There are no dedicated media keys on the keyboard; the various double-duty F keys (in combination with the Fn key) sit between Ctrl and the Windows logo key.
The XPS 13’s Cypress glass touchpad measures spacious 3.9 x 2.4 inches and delivers precise and instantaneous feedback thus allowing the user to navigate intuitively (it supports various multi-touch 2-, 3- and even 4-finger gestures that can be individually deactivated according to the user’s needs).
This is actually a “clickpad”, so there are no dedicated left and right mouse buttons but the manufacturer marked the button area with a single gray line so it is much easier now to determine where to press for a traditional left and right click.
Ports and Connectivity Options
In terms of connectivity, the Dell XPS 13 ultrabook sports a 3.5mm headset jack, a USB 2.0 port, a USB 3.0 port and a Mini Display port. In addition, the laptop includes an Intel Centrino Advanced-N 6230 WLAN adaptor that works on the 5 GHz band and supports the 802.11a/b/g/n standards; the Wireless Display technology is also covered along with Bluetooth 3.0.
Photos and videos can be captured via the 1.3 megapixel webcam located in the middle of the display bezel.
Performance and Specifications
The entry-level configuration of the XPS 13 series includes an Intel Core i5-2467M chip clocked at 1.6GHz, 4GB of RAM and 128GB of disc space. There is no dedicated graphics options available – the reviewed XPS’s processor runs with an integrated Intel HD 3000 graphics card. For most users such specs are more than adequate for speedy and responsive performing of general computing tasks (e.g. navigating through Windows, watching videos, listening to music etc.).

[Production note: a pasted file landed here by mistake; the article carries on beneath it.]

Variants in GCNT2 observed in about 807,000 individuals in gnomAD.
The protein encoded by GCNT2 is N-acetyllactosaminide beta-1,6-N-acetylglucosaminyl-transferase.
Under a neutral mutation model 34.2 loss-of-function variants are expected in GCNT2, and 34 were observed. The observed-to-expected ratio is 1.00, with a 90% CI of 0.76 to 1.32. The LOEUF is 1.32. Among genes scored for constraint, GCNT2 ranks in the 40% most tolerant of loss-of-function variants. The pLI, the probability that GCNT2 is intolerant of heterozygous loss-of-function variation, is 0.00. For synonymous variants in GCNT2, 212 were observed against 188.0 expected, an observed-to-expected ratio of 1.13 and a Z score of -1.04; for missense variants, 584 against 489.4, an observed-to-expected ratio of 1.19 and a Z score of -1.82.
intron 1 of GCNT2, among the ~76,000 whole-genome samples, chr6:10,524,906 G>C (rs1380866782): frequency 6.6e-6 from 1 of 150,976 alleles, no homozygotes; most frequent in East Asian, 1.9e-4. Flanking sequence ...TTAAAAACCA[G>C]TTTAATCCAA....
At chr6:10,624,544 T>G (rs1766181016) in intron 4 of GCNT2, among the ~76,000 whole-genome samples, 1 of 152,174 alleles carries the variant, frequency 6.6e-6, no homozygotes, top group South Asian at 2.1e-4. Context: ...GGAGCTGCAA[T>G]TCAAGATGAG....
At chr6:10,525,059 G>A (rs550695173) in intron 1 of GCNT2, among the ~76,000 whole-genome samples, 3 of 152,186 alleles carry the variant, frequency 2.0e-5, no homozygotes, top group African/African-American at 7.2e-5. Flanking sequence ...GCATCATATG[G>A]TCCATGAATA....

The Dell XPS 13 is also available for sale with upgraded configurations including Core i7-2637M processor based on Intel’s Sandy Bridge architecture coupled with a 256GB SSD. The clock speed here ranges from 1.8 to 2.9 GHz (Turbo Boost) and provides excellent CPU performance.
XPS 13 completes a cold boot in as little as 15 seconds and resumes from sleep mode in just 1 second (4 seconds from deep sleep).
In terms of longevity, the manufacturer claims, that its XPS 13 ultraportable will last for almost 9 hours on a single charge. In reality, the machine’s six-cell, non-removable battery delivers almost 5 hours of work including watching videos and web surfing on Wi-Fi.
It is worth noting that after Windows 8 official launch on October 26, Dell promises to update its XPS 13 family with the latest generation (Ivy Bridge) processors coupled with more advanced Intel HD 4000 graphics card with DirectX 11 support. Definitely, this will be a nice improvement.
On the USA market the Dell’s fans can buy the basic-specs configuration of XPS 13 for the price of about $895 (on Amazon). Still, there are other buying choices available, so users can find their best alternatives with the price points starting at $880. Any upgrades will add another hundred dollars to the laptop’s cost.